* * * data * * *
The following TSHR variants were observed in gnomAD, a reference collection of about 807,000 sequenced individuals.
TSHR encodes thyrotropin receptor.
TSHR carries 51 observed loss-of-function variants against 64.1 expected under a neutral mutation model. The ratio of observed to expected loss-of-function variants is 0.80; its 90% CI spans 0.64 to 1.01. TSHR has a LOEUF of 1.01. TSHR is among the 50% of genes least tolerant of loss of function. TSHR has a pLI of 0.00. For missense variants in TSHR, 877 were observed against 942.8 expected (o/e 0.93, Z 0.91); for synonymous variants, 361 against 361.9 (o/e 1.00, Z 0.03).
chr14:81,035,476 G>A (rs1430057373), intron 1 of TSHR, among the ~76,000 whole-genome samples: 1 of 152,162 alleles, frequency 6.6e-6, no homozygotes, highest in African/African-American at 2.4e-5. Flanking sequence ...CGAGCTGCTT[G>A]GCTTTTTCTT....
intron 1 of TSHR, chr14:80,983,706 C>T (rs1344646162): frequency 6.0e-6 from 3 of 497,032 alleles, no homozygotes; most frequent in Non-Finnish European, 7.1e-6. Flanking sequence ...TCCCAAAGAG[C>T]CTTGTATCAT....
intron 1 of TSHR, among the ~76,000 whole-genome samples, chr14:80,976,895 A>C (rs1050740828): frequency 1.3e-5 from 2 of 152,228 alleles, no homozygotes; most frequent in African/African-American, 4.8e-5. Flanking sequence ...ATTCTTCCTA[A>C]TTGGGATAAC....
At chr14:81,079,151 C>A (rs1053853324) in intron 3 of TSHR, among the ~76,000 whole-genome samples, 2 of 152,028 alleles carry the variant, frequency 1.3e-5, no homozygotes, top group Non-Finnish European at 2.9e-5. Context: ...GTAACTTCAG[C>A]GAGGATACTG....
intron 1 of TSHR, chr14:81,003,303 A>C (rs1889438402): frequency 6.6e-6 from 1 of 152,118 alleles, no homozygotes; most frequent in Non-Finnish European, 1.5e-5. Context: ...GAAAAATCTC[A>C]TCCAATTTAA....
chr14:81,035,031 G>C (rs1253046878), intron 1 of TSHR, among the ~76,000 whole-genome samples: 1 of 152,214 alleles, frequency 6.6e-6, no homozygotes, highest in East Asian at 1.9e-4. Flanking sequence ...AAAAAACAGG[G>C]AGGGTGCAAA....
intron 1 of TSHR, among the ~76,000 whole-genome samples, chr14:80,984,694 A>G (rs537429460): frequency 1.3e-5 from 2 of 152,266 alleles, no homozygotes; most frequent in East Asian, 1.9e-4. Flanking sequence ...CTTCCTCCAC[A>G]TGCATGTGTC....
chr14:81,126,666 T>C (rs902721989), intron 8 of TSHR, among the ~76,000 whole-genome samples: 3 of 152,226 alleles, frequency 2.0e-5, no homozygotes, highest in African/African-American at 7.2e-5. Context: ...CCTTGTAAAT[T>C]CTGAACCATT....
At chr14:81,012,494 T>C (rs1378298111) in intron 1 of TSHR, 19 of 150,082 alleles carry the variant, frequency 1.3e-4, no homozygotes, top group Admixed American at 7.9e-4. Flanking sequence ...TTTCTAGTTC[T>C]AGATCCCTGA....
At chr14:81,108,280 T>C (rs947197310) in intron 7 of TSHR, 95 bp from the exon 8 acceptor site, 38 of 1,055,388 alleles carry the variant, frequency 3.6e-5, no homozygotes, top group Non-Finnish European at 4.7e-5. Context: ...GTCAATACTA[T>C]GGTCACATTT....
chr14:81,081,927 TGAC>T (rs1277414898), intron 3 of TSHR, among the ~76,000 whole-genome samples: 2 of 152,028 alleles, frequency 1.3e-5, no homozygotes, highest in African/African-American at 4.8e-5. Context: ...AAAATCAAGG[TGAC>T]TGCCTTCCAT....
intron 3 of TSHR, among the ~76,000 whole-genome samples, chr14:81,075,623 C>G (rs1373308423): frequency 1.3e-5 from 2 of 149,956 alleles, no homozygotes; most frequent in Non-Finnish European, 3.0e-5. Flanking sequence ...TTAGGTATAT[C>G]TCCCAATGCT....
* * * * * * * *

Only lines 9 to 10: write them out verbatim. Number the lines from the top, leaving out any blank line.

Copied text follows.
chr14:81,035,031 G>C (rs1253046878), intron 1 of TSHR, among the ~76,000 whole-genome samples: 1 of 152,214 alleles, frequency 6.6e-6, no homozygotes, highest in East Asian at 1.9e-4. Flanking sequence ...AAAAAACAGG[G>C]AGGGTGCAAA....
intron 1 of TSHR, among the ~76,000 whole-genome samples, chr14:80,984,694 A>G (rs537429460): frequency 1.3e-5 from 2 of 152,266 alleles, no homozygotes; most frequent in East Asian, 1.9e-4. Flanking sequence ...CTTCCTCCAC[A>G]TGCATGTGTC....